As our quest for a meatless Lent continues, we have felt challenged at times to come up with recipes that are easy, fun, and, most importantly, deeply satisfying. While we have made some amazing soups, pastas, stir fries, and main entrees, there have been times where something was missing. It is not the meat that we miss so much (believe me, we do miss it. bad.), but rather the feeling that the meal is truly complete. This led us to think outside of the box a bit more, and focus on meals that we truly love to eat, either at home or at a restaurant. There are dozens of recipes that fit into this category, but very few that are meatless. We considered several options but kept coming up a bit short. Then we remembered a meal that is not just dinner, but an overall experience. One that is quick, easy, rustic, sophisticated, deeply flavored, respectful of the ingredients, and versatile enough to never get old. We, of course, thought of mussels.
If you have never had mussels, you are missing out on a really fun and easy dish. When cooked properly, they have the great ability to both take on and impart flavor to whatever ingredients they are paired with. They are great on their own, amazing in soups, and can transform a simple pasta dish into a high-end gourmet meal. They are on the menus of some of the best restaurants in the country, and you often pay a premium for them. The thing is though, that they are dead easy to cook and you don’t need to go to a restaurant to enjoy them. All you need is a deep saute pan, some herbs, garlic, and a bit of flavorful liquid to steam them in. Pair with a loaf of warm and crusty French bread for dipping in the rich broth, a light veggie side-dish, and a glass of your favorite beer or white wine, and you have a meal that is simply, complete.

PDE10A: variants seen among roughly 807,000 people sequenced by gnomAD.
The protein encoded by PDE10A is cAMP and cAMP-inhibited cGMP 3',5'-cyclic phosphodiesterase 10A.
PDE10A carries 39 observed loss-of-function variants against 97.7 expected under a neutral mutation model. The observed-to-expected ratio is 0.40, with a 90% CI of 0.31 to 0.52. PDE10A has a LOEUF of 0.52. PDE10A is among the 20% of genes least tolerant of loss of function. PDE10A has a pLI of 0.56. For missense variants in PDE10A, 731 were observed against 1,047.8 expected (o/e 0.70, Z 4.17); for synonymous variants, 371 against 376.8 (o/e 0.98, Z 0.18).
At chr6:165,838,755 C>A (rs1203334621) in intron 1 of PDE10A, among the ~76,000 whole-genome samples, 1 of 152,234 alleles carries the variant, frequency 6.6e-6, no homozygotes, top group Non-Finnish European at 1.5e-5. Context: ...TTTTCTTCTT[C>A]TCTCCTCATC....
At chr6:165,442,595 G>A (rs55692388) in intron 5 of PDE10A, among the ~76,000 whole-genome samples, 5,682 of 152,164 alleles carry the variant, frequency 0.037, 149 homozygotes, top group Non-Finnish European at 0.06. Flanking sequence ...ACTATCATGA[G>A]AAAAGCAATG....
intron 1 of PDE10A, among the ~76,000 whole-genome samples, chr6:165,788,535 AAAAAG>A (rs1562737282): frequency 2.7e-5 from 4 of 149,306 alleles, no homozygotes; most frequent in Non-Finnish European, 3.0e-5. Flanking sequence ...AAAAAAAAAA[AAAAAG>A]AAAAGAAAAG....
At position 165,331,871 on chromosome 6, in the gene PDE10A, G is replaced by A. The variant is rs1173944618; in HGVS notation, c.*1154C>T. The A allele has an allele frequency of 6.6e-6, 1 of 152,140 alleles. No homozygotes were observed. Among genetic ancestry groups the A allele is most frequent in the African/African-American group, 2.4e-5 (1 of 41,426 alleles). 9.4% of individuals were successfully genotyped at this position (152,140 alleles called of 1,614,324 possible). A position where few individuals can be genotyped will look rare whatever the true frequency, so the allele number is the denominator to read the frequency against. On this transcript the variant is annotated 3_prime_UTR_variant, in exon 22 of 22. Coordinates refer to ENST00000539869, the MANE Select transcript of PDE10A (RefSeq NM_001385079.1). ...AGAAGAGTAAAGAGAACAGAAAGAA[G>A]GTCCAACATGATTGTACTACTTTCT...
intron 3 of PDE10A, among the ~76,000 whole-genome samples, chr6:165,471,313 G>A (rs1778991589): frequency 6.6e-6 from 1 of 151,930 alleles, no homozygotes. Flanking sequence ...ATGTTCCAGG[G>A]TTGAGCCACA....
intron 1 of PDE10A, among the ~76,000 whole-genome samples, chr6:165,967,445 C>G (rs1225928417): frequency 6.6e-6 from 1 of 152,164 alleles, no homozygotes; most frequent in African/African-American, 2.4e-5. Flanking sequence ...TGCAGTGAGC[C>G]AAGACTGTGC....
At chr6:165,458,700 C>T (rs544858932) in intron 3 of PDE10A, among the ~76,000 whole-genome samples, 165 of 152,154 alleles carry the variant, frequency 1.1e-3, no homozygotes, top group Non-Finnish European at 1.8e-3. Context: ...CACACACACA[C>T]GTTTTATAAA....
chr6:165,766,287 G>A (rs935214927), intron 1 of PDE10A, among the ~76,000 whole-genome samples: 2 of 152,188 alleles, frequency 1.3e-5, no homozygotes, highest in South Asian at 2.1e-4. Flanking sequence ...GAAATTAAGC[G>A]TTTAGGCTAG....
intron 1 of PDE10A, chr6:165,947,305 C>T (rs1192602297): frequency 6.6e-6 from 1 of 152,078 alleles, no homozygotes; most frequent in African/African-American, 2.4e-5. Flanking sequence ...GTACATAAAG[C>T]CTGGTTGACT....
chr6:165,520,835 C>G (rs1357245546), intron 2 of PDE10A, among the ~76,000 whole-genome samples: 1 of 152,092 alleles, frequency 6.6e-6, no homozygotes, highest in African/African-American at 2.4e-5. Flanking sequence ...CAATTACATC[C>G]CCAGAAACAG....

Note: This recipe is incredibly flexible. We chose to take a very simple route, but almost any variation will yield a good result. If you think there is a combination of ingredients that would go well together, they probably will.
Beer Steamed Mussels
A Newly Feds original recipe.
Serves 2, but could easily be doubled (or tripled) to serve more.
- 1-2 pounds of high-quality fresh mussels
- 2 tablespoons of olive oil
- 1-2 tablespoons of minced garlic
- 1 small red onion, diced
- 18-24 ounces Belgian or German beer (white wine works well here too)
- 1 medium tomato, diced
- 4-5 tablespoons of flat leaf parsley (basil would work here as well), chopped with some reserved for garnish
- Good French bread, for dipping
- Kosher salt and freshly ground black pepper, to taste
- Remove the mussels from their paper wrapping. Inspect each mussel individually, discarding any that are badly chipped, cracked, or broken. If a mussel’s shell is open, tap lightly on a hard surface. The shell should close. If it does not close, even slightly, discard. Rinse the mussels in cool water to remove any grit on the shells.
- In a large heavy-bottomed saute pan, heat the olive oil and saute the onion and garlic over medium heat until translucent. We chose to go heavy on the garlic, but you can go lighter (or heavier even) as you see fit.
- Place the mussels in the pan, being careful to leave enough room to place the lid on the pan. Slowly pour the beer over the mussels, covering approximately 2/3 of the shells. We used 1 and 1/2 beers (12 ounces). Be careful as the beer will foam upon hitting the hot pan.
- Immediately place the lid upon the pan, and steam the mussels for about 6-8 minutes, or until the shells have opened. Do not overcook, as the mussels can become tough. Add 3/4 of the chopped parsley. Stir with a wooden spoon or spatula. This will ensure that the flavorful liquid (often referred to as the liquor) released by the mussels is incorporated. Add salt and pepper to taste.
- Transfer the mussels to serving bowls, discarding any mussels that have not opened in the cooking process. Ladle a generous portion of the broth over the mussels.
- Sprinkle the fresh tomato over the mussels and garnish with the remaining parsley.
- Serve with several slices of warm bread. Be sure to try dipping the bread in the broth. This often proves to be one of the best parts of the dish.